Do Cats Reminisce And Remember? Japanese Scientists Say Yes

Do Cats Reminisce And Remember? Japanese Scientists Say Yes

In 2014, when Slate’s David Grimm set out to learn why there were so few studies on feline cognition compared to the abundance of research on dogs, scientists almost laughed him off the phone.

“We did one study on cats—and that was enough!” Hungarian scientist Ádám Miklósi, a top animal cognition expert and cat lover, told Grimm with a chuckle.

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Christian Agrillo, a comparative psychologist at Italy’s University of Padova, pointed out he’s studied monkeys, birds, and other animals — but cats were by far the most difficult to work with.

“I can assure you that it’s easier to work with fish than cats,” he told Slate. “It’s incredible.”

Agrillo found he couldn’t work with cats in his laboratory. As any cat owner can attest, felines don’t do well in new, uncertain places, so Agrillo tried studying house cats in their natural environments — their homes. Still, most cats “dropped out” due to being uncooperative, leaving the psychologist with just four feline participants for his study into “numerical competence,” which sought to answer whether cats can distinguish between smaller and larger quantities.

Cats: We are not amused

I can picture those uncooperative cats, regarding scientists indifferently before settling down for a nap.

“We will not be pawns in your little games, humans! We are strong, independent-minded, and…wait, did you say there’ll be snacks?!?! When do we start?”

Ultimately, food may be the reason scientists at the University of Kyoto had a bit more luck getting kittens to cooperate — and the resulting study suggests cats are the equal of dogs when it comes to remembering experiences.

To start with, the Japanese scientists were able to get 49 cats to participate in the study. They led each feline into a room where four containers were arranged in a row — two containers held food, one held an “inedible object,” and the fourth was empty.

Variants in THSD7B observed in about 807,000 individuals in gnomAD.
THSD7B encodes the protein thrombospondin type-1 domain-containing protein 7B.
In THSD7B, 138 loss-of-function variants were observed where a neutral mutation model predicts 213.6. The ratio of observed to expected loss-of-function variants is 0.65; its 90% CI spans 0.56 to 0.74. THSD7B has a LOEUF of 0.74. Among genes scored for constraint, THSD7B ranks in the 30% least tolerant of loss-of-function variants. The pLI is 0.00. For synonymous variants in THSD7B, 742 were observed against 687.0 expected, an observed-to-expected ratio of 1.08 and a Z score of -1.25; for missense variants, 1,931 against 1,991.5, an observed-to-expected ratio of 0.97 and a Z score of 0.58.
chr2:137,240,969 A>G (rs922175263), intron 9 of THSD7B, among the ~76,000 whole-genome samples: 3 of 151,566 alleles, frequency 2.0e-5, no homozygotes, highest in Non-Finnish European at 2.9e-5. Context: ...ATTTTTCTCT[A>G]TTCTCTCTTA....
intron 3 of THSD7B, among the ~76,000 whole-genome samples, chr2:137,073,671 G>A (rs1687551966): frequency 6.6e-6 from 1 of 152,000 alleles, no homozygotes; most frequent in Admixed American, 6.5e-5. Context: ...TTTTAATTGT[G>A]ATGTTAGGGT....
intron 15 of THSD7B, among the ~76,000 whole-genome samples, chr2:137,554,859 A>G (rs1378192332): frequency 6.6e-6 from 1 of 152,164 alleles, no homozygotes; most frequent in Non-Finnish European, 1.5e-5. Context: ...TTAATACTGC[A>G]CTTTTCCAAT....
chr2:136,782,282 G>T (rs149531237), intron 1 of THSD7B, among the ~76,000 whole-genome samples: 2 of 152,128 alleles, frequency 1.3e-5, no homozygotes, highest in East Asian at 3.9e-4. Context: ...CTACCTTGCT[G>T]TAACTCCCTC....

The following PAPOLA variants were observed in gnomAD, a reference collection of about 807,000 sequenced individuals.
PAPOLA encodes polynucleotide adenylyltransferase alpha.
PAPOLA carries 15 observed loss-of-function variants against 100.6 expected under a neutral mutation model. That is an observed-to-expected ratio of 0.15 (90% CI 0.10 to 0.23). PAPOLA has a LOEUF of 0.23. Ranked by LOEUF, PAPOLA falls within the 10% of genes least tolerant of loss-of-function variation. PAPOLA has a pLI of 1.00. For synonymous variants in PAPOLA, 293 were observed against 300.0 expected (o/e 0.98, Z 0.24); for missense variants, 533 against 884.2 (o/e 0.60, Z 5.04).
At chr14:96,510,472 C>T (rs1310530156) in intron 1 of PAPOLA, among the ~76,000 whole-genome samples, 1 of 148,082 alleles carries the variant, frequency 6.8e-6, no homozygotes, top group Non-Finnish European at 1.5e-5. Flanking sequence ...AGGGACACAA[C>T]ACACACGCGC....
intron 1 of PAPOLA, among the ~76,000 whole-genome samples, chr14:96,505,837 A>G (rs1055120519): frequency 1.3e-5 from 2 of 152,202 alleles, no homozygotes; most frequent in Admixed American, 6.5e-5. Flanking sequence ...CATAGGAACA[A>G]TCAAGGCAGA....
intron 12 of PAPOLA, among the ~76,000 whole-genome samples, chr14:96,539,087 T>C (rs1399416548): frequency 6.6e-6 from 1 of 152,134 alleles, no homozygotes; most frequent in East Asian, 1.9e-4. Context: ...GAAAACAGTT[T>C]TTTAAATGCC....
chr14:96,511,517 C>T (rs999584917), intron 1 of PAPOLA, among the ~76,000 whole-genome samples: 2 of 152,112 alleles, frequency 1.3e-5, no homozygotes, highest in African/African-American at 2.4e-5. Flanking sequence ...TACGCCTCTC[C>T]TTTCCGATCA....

The cats were allowed to dig into one container of yums before they were shuffled out of the room. Fifteen minutes later, they were led back in, and on the second go-around, they went for the remaining food container.

The Japanese researchers say the study illustrates cats have what’s called episodic memory. That is, they remembered which bowl they’d eaten out of, where it was located, and which bowls they hadn’t touched.

“Episodic memory is viewed as being related to an introspective function of the mind; our study may imply a type of consciousness in cats,” Kyoto University psychologist Saho Takagi told the BBC. “An interesting speculation is that they may enjoy actively recalling memories of their experience like humans.”

But of course cats remember

That won’t come as a surprise to cat owners, who know that kneading and purring — the infamous “making biscuits” routine — is a callback to those worry-free days of kittenhood when they sidled up to mom’s milk dispensers and kneaded their paws against her underside to stimulate the flow of milk.

As for my own little Buddy, he’s got no problem remembering what, where and how. He knows exactly where that big bag of Temptations snacks is, even if I move it, and has no qualms about reaching a shelf and knocking the bag onto the floor as a “subtle” suggestion that it’s time for some yums.

But for scientists, the study is an important step in recognizing that cats have some of the same mental faculties as Fido. For cat people, it’s a bit of vindication for all those times we pushed back against our dog-loving friends in arguments about who has the smarter pet.

Ultimately, the success of the Kyoto scientists means it’s possible to work with cats in studies, and Takagi thinks this kind of research could improve the way we interact with our fur-coated overlords.

“Understanding cats more deeply helps to establish better cat-human relationships,” she told the BBC. “Cats may be as intelligent as dogs, as opposed to the common view of people that dogs are much smarter.”

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